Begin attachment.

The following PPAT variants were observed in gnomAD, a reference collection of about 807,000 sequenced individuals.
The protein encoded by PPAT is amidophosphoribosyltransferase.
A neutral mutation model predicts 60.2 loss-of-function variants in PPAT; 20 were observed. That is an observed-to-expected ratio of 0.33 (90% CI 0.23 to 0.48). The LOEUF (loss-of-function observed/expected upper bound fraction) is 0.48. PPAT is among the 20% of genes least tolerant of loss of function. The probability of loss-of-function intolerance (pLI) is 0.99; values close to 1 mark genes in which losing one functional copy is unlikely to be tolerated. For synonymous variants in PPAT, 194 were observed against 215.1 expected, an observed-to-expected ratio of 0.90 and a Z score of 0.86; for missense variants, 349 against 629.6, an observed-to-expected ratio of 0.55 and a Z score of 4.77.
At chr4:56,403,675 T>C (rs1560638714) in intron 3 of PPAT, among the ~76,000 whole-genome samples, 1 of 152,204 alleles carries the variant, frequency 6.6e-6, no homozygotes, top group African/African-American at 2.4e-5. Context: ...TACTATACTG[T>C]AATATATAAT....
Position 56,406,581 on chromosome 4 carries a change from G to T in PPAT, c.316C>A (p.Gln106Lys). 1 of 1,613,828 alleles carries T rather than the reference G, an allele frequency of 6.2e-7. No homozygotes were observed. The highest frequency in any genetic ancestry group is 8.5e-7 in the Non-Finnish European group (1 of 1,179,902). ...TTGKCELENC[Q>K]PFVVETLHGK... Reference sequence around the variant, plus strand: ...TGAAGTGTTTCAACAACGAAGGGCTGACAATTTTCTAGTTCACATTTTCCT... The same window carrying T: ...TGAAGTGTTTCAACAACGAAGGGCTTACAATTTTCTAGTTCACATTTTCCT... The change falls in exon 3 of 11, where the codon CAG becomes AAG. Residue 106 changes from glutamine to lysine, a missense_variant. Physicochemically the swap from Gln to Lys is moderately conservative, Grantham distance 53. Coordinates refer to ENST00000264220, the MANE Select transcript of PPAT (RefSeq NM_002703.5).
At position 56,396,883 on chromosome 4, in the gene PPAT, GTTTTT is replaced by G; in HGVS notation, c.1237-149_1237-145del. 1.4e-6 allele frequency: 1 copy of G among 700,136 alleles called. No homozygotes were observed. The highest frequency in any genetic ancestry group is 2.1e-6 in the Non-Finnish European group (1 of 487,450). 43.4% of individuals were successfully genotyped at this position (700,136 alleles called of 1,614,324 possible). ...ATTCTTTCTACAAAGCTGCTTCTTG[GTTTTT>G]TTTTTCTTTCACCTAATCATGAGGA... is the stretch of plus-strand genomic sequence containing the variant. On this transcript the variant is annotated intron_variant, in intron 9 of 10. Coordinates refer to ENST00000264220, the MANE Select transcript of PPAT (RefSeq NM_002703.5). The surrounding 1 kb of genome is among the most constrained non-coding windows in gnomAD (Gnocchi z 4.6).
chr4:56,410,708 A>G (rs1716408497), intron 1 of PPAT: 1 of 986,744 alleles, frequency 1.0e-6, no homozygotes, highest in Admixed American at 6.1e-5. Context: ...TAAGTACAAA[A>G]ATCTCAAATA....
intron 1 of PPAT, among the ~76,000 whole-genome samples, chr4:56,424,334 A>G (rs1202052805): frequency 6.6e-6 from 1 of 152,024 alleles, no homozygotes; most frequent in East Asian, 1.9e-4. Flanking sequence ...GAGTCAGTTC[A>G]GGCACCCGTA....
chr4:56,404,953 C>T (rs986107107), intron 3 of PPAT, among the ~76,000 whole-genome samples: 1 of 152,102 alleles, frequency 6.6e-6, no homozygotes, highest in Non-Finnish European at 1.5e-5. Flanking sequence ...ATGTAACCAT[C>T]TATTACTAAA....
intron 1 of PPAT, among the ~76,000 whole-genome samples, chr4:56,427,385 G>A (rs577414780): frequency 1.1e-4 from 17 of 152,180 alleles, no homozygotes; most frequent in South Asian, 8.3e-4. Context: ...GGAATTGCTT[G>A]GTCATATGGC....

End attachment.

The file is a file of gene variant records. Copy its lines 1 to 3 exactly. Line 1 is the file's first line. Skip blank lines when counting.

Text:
The following PPAT variants were observed in gnomAD, a reference collection of about 807,000 sequenced individuals.
The protein encoded by PPAT is amidophosphoribosyltransferase.
A neutral mutation model predicts 60.2 loss-of-function variants in PPAT; 20 were observed. That is an observed-to-expected ratio of 0.33 (90% CI 0.23 to 0.48). The LOEUF (loss-of-function observed/expected upper bound fraction) is 0.48. PPAT is among the 20% of genes least tolerant of loss of function. The probability of loss-of-function intolerance (pLI) is 0.99; values close to 1 mark genes in which losing one functional copy is unlikely to be tolerated. For synonymous variants in PPAT, 194 were observed against 215.1 expected, an observed-to-expected ratio of 0.90 and a Z score of 0.86; for missense variants, 349 against 629.6, an observed-to-expected ratio of 0.55 and a Z score of 4.77.